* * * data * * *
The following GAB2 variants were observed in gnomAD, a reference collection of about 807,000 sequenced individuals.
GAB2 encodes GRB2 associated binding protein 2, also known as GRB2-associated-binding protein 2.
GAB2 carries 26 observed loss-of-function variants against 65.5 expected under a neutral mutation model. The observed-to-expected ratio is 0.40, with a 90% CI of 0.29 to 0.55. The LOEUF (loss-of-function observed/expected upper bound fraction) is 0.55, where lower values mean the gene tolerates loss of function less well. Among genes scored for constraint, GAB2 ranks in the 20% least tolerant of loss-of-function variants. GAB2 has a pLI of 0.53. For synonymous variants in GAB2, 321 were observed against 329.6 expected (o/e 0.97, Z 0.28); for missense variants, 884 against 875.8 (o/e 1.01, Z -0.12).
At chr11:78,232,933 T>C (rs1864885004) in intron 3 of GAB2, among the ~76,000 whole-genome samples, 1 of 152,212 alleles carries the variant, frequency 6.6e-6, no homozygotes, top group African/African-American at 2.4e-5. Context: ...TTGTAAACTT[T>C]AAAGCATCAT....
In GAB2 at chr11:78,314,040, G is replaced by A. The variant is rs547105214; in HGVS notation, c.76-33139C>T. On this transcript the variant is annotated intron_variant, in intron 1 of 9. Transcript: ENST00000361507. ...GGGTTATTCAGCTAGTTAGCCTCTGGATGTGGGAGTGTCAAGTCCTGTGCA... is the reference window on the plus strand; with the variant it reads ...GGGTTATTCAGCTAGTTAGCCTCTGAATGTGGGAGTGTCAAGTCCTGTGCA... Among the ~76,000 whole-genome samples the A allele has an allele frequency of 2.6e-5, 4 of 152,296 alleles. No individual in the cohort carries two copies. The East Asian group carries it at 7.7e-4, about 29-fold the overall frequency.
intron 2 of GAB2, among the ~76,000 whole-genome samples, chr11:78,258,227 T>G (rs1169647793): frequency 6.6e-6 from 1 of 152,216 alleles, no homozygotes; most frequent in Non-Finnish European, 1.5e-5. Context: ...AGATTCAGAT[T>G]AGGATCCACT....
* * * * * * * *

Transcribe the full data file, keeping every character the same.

The following GAB2 variants were observed in gnomAD, a reference collection of about 807,000 sequenced individuals.
GAB2 encodes GRB2 associated binding protein 2, also known as GRB2-associated-binding protein 2.
GAB2 carries 26 observed loss-of-function variants against 65.5 expected under a neutral mutation model. The observed-to-expected ratio is 0.40, with a 90% CI of 0.29 to 0.55. The LOEUF (loss-of-function observed/expected upper bound fraction) is 0.55, where lower values mean the gene tolerates loss of function less well. Among genes scored for constraint, GAB2 ranks in the 20% least tolerant of loss-of-function variants. GAB2 has a pLI of 0.53. For synonymous variants in GAB2, 321 were observed against 329.6 expected (o/e 0.97, Z 0.28); for missense variants, 884 against 875.8 (o/e 1.01, Z -0.12).
At chr11:78,232,933 T>C (rs1864885004) in intron 3 of GAB2, among the ~76,000 whole-genome samples, 1 of 152,212 alleles carries the variant, frequency 6.6e-6, no homozygotes, top group African/African-American at 2.4e-5. Context: ...TTGTAAACTT[T>C]AAAGCATCAT....
In GAB2 at chr11:78,314,040, G is replaced by A. The variant is rs547105214; in HGVS notation, c.76-33139C>T. On this transcript the variant is annotated intron_variant, in intron 1 of 9. Transcript: ENST00000361507. ...GGGTTATTCAGCTAGTTAGCCTCTGGATGTGGGAGTGTCAAGTCCTGTGCA... is the reference window on the plus strand; with the variant it reads ...GGGTTATTCAGCTAGTTAGCCTCTGAATGTGGGAGTGTCAAGTCCTGTGCA... Among the ~76,000 whole-genome samples the A allele has an allele frequency of 2.6e-5, 4 of 152,296 alleles. No individual in the cohort carries two copies. The East Asian group carries it at 7.7e-4, about 29-fold the overall frequency.
intron 2 of GAB2, among the ~76,000 whole-genome samples, chr11:78,258,227 T>G (rs1169647793): frequency 6.6e-6 from 1 of 152,216 alleles, no homozygotes; most frequent in Non-Finnish European, 1.5e-5. Context: ...AGATTCAGAT[T>G]AGGATCCACT....